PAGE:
LinkedIn Groups
      Facebook Groups
      Pinterest Boards
  3. Social media and its importance for the topic research and the dissertation research:
    1. Web 2.0 tools: e.g. Diigo.com; Evernote.com
    2. Facebook, Twitter
    3. blog.stcloudstate.edu

Bryan Alexander on digital literacy

Bryan Alexander Interview – The Challenge of Advancing Digital Literacy in Higher Education

 http://www.stevehargadon.com/2016/12/bryan-alexander-interview-challenge-of.html
At the invitation of Adobe Education, I attended the Educause Annual Conference this year and did a quick series of interviews about the education work that Adobe is doing. A huge highlight for me was reconnecting with futurist Bryan Alexander, whom I’d interviewed in 2012 as a part of my Future of Education series, and whose work and voice I’ve continued to really appreciate.
Video Interview here: https://www.facebook.com/AdobeEdEx/videos/691627301000647/
The full study is here: http://adobe.ly/2eGtFuI
http://www.adobeeducate.com/genz/adobe-education-genz

insightgen-z-profile 3

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more on digital literacy in this IMS blog
http://blog.stcloudstate.edu/ims?s=digital+literacy

ALA on digital literacy

In the wake of NMC release regarding digital literacy, http://blog.stcloudstate.edu/ims/2016/10/25/nmc-on-digital-literacy/ (not coincidence, the author is active with NMC)

ALA is offering a webinar:
Rethinking Digital Literacy to Serve Library Staff and Users eCourse
Paul Signorelli Item Number: 1541-9124

http://www.alastore.ala.org/detail.aspx?ID=11469&zbrandid=4634&zidType=CH&zid=38811756&zsubscriberId=1026665847&zbdom=http://ala-publishing.informz.net

Asynchronous eCourse beginning November 14, 2016 and continuing for 5 weeks (includes an extension of 1 week for Thanksgiving)

Estimated Hours of Learning: 24
Certificate of Completion available upon request

Learning outcomes

After participating in this course, you will be able to:

  • incorporate ever-evolving definitions of digital literacy into learning opportunities
  • draw upon a variety of digital resources to create digital-learning opportunities
  • seek additional resources that you can use in your continuing efforts to keep up with new developments in digital literacy in libraries and other learning organizations

What is digital literacy? Do you know how you can foster digital literacy through formal and informal learning opportunities for your library staff and users?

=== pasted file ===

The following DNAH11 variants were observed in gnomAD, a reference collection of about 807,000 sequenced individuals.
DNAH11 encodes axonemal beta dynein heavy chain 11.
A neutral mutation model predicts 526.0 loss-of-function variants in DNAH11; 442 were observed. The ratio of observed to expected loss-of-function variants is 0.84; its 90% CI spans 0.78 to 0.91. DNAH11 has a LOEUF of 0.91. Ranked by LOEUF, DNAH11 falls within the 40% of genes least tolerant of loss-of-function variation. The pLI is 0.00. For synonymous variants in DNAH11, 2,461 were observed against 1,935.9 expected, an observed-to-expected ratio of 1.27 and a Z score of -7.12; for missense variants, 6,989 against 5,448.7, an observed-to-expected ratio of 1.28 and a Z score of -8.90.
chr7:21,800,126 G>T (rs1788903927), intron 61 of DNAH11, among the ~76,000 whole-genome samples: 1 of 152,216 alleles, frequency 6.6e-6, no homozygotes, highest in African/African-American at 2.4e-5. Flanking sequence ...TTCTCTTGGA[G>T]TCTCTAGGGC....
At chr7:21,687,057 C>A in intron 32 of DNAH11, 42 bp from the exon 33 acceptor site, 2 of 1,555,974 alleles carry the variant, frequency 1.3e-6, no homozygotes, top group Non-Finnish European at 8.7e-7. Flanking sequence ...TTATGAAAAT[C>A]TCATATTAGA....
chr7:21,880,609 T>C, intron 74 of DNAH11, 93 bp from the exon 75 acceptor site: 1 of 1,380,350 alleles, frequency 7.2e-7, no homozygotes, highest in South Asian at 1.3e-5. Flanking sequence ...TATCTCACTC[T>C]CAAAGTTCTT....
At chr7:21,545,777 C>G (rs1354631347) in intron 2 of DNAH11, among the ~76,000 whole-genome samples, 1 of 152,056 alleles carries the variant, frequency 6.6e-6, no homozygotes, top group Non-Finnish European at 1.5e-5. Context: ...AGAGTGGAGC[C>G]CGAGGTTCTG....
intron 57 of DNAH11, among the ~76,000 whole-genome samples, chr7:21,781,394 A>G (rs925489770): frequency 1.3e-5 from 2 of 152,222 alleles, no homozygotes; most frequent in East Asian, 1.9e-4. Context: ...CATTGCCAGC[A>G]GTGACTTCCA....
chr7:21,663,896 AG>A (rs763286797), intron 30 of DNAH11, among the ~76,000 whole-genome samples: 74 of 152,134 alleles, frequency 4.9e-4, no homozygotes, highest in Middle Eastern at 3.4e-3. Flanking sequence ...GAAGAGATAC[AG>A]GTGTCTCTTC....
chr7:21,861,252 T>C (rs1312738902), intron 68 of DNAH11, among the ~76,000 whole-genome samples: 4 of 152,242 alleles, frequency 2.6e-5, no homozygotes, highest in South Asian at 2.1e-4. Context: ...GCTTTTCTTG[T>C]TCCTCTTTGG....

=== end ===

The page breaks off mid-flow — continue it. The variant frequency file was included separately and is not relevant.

Supporting digital literacy still remains an important part of library staff members’ work, but sometimes we struggle to agree on a simple, meaningful definition of the term. In this four-week eCourse, training/learning specialist Paul Signorelli will begin by exploring a variety of definitions, focusing on work by a few leading proponents of the need to foster digital literacy among people of all ages and backgrounds. He will explore a variety of digital-literacy resources – including case studies of how we creatively approach digital-literacy learning opportunities for library staff and users, and will explore a variety of digital tools that will help to encourage further understanding of this topic.

Now, who is ready to build their digital-literacy skills and help their users become digital literate as well?

eCourse Outline

Part 1: Digital Literacy: Initial Definitions and Explorations

  • An overview of various definitions of digital literacy
  • Several components of digital literacy
  • Exploring Doug Belshaw’s extensive work on defining and fostering digital literacy

Part 2: Digital Literacy: Crap Detection and Other Skills and Tools

  • Exploring Howard Rheingold’s approach to crap detection and other digital literacy/net literacy skills
  • Participation, collaboration, creativity, and experimentation as digital-literacy skills
  • Building our digital-literacy toolkit

Part 3: Digital Literacy in Learning

  • The varying digital literacy needs of our youngest students, of teens, and of adults
  • Exploring various online resources supporting our digital-literacy training-teaching-learning efforts
  • The myth of the digital native

Part 4: Fostering Digital Literacy: Creating Within a Digital Environment

  • Creating a framework to promote digital literacy
  • Designing workshops and other learning opportunities
  • Keeping up in an evolving digital literacy landscape

How this eCourse Works

The eCourse begins on Monday, November 14, 2016. Your participation will require approximately six hours a week, at times that fit your schedule. All activities take place on the website, and you will be expected to:

  • Read, listen to or view online content
  • Post to online discussion boards
  • Complete weekly assignments or activities

Instructor Paul Signorelli will monitor discussion boards regularly during the four-week period, lead group discussions, and will also answer individual questions. All interaction will take place on the eCourse site, which will be available 24 hours a day, 7 days a week. It’s recommended that students log into the site on the first day of class or within a few days for an overview of the content and to begin the first lesson.

User Requirements